Neel is a founding staff writer at Heatmap. Prior to Heatmap, he was a science and climate reporter at Vox, an editorial fellow at Audubon magazine, and an assistant producer at Radiolab, where he helped produce The Other Latif, a series about one detainee's journey to Guantanamo Bay. He is a graduate of the Literary Reportage program at NYU, which helped him turn incoherent scribbles into readable stories, and he grew up (mostly) in Bangalore. He tweets sporadically at @neel_dhan. Read MoreRead More
Held v. Montana Is Just the Beginning
A group of young Montanans just won a groundbreaking victory for climate rights. Here’s what it means.
In a groundbreaking moment in environmental law, a judge ruled Monday in favor of a group of youth plaintiffs who alleged that Montana violated their right to a healthy environment. It’s the first ruling of its kind in the country, and while it marks the end of this chapter of the case, known as Held v. Montana, experts say it’s only the beginning — both for the plaintiffs and for similar lawsuits around the country.
In her ruling, Judge Kathy Seeley wrote that a provision of the Montana Energy Policy Act, or MEPA, which prevented the state from considering the environmental impacts of energy projects, was unconstitutional. The state’s emissions, Seeley found, have contributed towards climate change, and therefore violated a provision in the Montana constitution that mandated “the state and each person shall maintain and improve a clean and healthful environment in Montana for present and future generations.”
So what does the ruling mean?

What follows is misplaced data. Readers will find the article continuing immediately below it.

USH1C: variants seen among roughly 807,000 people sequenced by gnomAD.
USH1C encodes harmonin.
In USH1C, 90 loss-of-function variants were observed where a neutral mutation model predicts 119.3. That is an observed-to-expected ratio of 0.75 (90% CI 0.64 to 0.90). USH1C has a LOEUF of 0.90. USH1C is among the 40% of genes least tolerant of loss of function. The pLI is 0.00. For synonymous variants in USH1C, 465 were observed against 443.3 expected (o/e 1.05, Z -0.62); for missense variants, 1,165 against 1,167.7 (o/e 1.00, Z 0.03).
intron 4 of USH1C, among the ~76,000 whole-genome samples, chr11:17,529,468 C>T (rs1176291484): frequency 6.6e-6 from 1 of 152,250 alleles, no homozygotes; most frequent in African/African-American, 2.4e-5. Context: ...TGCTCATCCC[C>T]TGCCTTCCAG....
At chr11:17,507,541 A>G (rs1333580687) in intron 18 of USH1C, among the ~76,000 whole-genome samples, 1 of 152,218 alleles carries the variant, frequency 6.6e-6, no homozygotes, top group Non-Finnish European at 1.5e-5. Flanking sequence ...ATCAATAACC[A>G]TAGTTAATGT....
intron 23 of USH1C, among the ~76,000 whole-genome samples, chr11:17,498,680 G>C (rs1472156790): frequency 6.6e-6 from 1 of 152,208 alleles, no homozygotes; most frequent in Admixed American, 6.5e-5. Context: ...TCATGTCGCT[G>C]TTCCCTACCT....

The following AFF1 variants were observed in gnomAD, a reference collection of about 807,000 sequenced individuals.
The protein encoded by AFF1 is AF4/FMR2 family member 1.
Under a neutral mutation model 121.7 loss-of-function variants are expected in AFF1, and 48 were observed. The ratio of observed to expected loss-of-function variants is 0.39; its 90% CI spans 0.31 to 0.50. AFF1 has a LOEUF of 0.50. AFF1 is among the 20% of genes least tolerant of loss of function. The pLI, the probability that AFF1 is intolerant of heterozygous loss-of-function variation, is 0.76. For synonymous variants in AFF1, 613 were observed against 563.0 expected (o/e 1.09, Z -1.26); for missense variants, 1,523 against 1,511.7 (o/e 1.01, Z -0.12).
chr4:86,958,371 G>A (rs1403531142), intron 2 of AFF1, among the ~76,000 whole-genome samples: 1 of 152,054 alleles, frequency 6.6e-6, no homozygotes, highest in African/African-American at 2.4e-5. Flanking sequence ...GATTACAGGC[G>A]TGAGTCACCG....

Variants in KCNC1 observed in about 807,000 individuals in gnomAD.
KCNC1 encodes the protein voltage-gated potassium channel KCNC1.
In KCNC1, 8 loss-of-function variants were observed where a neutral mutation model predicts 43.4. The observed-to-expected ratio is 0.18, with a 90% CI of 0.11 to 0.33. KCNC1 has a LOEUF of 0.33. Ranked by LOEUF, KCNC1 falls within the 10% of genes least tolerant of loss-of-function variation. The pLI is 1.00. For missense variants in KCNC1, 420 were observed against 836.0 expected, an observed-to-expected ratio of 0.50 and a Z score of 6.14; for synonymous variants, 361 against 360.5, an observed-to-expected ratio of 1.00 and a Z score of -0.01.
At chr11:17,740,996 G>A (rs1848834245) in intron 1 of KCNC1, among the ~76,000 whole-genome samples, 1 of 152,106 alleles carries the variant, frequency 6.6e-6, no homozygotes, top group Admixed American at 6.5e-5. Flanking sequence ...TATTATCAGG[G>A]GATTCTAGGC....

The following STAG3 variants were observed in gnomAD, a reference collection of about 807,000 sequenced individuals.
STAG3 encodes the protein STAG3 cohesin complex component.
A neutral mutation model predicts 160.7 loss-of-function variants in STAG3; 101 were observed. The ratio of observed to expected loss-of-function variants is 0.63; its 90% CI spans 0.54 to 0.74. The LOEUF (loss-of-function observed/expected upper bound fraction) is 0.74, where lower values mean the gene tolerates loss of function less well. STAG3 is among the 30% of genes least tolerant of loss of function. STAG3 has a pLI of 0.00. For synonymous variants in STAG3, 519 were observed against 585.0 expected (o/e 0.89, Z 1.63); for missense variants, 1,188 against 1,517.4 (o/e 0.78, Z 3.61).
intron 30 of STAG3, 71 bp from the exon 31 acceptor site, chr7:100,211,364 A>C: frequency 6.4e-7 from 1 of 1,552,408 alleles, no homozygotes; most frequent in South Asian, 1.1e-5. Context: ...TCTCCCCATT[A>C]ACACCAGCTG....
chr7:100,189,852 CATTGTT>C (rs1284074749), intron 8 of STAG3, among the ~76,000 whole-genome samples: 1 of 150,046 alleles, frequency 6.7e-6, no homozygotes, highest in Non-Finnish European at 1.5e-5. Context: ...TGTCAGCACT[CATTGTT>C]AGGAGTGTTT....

Let’s get the downer out of the way first: There’s little chance this is the end of the case. When I spoke to legal experts in June, they predicted the case would be appealed to the Montana Supreme Court regardless of the outcome, and the plaintiffs will likely have a harder time convincing that court of their case.
But still, James May, an environmental law professor at Delaware Law School, told me via email that the ruling suggests climate rights cases may be a powerful, underutilized tool for climate activists to tap into — and it could usher in a new wave of similar cases around the country and the world.
It will also bolster the plaintiffs in cases that are already ongoing around the country. In Hawaii, for example, where rescuers are still searching for survivors after the country’s deadliest wildfire event in recent history, a youth-led climate lawsuit against the state’s Department of Transportation was allowed to go ahead just last week. While that case will operate under a very different backdrop to the case in Montana (Hawaii’s constitution doesn’t guarantee a right to a “clean and healthful environment” like Montana’s does), the Held decision still provides the plaintiffs good reason for optimism.
“As fires rage in the West, fueled by fossil fuel pollution, today’s ruling in Montana is a game-changer that marks a turning point in this generation’s efforts to save the planet from the devastating effects of human-caused climate chaos,” said Julia Olson, Chief Legal Counsel and Executive Director with Our Children’s Trust, the nonprofit law firm that represents the plaintiffs in both the Montana and Hawaii cases, in a statement. “This is a huge win for Montana, for youth, for democracy, and for our climate. More rulings like this will certainly come.”
If the state does appeal the ruling, and if the ruling is upheld, the plaintiffs will have secured a monumental win, May told me. But even then, the work will only have just begun. He pointed to Brown v. Board of Education, the decision in which the United States Supreme Court ruled racial segregation in schools was unconstitutional. Despite that ruling, integration still took years and many long, sometimes violent, fights. Getting the Montana legislature to amend its climate-denialist policy — whether by simply striking the provision in question from MEPA or going further and pressuring the state to take climate action — will not be easy, even with the court’s backing.
“The road ahead will be long and winding, if the decision is upheld,” May wrote. “Gaining and enforcing the remedy is the hardest part.”